Working Together: Houses Keep Coming Down

Updated 6 years ago by Tony E. Rutherford, News Editor
We'll Huff and Puff and Bring Down the Abandoned Houses
We'll Huff and Puff and Bring Down the Abandoned Houses

A multi-jurisdictional pooling of resources has brought down eleven fire damaged and /or vacant houses, according to Huntington Mayor Kim Wolfe. The project kicked off Thursday afternoon with a visit by Gov. Earl Ray Tomlin and U.S. Attorney Booth Goodwin. Wolfe said if the coalition maintains its current average of two houses demolished per day, they will make their 30 day goal.

As of late Monday afternoon, three houses had been added, which were included in the total of eleven.  Clean-up for one remained. Wolfe said the pace of demolition becomes more challenging since the first eleven were in  clusters.

“The residents up here [in Fairfield]   are just thrilled,” Wolfe told HNN. One resident said, “it’s a 1000% improvement,” noting that after demolition and debris removal , grass seed had been sowed on the lots.

 Assembling the tools for the coordinated housing demolition came from working together with multiple agencies and departments over a long time frame. “This was not a quick fix,” Wolfe explained. He extended gratitude to Gov. Earl Ray Tomblin, WV Department of Highways, Booth Goodwin (US Attorney for the Southern District of WV), WV National Guard, the WV Department of Corrections, city entities like H.U.R.A. , the Dept. of Public Works, Legal , Police and Fire Departments, as well as community leaders in the affected neighborhoods. Although not a part of the planned revitalization of Northcott Court, the project has made and will make  certain adjoining properties ready for new development.

“This shows what can be accomplished with a lot of teamwork,” the Mayor said from one of Monday’s demolition locations. 

Some of the houses coming down had been acquired through the city’s home rule implemented Land Bank program, which purchases properties at tax sales, then, secures the property while waiting about 18 months for the owner’s redemption period to run. If not claimed, the Huntington Urban Renewal Authority seeks a purchaser to rehabilitate property. However, due to the November-May string of abandoned suspicious structure fires, those already burned needed to be razed to prevent their use for crime and to alleviate safety hazards . Their removal eliminates neighborhood eyesores, too.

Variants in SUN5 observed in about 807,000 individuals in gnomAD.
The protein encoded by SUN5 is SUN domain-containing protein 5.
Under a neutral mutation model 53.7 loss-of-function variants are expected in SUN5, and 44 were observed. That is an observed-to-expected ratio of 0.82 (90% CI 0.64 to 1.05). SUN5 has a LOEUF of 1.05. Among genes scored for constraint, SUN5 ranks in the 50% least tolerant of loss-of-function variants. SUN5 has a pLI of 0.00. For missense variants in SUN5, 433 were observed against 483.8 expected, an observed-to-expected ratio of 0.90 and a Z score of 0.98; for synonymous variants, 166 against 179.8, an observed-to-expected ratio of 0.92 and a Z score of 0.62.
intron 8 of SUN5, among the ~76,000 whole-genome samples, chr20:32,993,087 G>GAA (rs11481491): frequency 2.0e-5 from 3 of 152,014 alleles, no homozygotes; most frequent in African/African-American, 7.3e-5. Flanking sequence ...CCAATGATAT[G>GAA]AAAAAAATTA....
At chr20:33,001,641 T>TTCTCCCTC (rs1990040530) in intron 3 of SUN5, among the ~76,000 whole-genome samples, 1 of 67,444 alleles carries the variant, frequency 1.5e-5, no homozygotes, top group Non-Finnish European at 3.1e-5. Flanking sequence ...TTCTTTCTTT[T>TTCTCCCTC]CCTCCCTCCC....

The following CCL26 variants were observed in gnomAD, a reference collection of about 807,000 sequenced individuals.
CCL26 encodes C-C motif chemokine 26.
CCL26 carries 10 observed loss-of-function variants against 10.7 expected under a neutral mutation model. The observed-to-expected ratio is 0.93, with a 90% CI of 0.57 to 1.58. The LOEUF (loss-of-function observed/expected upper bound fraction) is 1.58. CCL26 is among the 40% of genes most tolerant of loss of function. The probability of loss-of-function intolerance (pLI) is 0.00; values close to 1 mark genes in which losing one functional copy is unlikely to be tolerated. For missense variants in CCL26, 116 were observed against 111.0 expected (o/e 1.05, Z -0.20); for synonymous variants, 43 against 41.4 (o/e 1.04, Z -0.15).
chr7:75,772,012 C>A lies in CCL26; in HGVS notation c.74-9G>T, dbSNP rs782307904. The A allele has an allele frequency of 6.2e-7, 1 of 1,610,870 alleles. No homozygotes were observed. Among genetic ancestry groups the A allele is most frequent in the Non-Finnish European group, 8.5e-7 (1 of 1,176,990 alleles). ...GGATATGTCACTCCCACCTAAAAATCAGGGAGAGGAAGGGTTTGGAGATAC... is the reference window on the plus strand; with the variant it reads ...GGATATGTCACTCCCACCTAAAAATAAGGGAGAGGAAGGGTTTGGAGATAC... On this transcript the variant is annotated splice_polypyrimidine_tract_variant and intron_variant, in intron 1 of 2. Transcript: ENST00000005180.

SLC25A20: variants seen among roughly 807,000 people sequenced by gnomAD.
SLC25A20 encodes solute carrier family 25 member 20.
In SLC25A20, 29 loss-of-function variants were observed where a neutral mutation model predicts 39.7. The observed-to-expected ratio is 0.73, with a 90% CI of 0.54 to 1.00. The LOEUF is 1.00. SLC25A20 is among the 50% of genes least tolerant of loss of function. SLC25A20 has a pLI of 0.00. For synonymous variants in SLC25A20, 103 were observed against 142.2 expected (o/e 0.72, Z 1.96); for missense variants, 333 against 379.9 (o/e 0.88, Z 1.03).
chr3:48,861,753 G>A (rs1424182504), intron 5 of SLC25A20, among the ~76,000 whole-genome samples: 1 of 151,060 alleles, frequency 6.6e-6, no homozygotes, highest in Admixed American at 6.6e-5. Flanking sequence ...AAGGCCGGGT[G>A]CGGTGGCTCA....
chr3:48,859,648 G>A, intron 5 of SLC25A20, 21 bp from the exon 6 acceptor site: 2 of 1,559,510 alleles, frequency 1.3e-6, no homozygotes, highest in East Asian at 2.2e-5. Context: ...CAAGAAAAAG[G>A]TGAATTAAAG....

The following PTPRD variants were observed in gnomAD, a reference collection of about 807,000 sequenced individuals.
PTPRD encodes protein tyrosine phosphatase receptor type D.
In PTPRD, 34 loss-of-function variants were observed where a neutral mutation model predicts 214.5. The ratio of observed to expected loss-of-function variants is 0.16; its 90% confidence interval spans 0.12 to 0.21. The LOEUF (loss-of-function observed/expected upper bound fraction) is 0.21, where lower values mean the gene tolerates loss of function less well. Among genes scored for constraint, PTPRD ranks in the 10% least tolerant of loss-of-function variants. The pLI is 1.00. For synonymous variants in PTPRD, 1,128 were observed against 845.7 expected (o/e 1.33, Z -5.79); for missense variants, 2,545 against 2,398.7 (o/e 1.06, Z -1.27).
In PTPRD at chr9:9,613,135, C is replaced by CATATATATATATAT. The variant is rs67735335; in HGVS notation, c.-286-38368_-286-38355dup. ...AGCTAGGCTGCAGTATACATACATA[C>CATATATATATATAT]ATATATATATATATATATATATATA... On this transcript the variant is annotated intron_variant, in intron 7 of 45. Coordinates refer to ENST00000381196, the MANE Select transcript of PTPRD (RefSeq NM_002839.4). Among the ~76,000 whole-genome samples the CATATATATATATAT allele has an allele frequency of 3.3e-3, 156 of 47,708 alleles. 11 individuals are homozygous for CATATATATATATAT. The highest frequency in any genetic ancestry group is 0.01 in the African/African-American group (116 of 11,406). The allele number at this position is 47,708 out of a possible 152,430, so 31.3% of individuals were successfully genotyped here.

“It’s an innovative idea, but that’s what we do in Huntington,” Wolfe said, adding that he has already had calls from four West Virginia mayors  asking , “How do you do that?”

The inquiries come at a crucial time too. Huntington  as a ‘pilot’ home rule city must this January report their progress to the legislature and ask that the program be extended or replicated throughout the state. “People are following us on the pensions and on the drug intervention [programs],” Wolfe said, alluding to the city’s  pension fund fixes and it’s drug abuse and intervention strategies.

On Thursday, U.S. Attorney Booth Goodwin told the crowd the demolition program is a significant victory for this city. “The houses on this corner have been a magnet for crime for years,” Goodwin said. “Tearing them down is a huge victory for law and order, and it sends a very clear message: This isn’t a place that will put up with crime and lawlessness. If you’re a drug pusher or a street crook, you’re not welcome anywhere in the city of Huntington.”

Comments powered by Disqus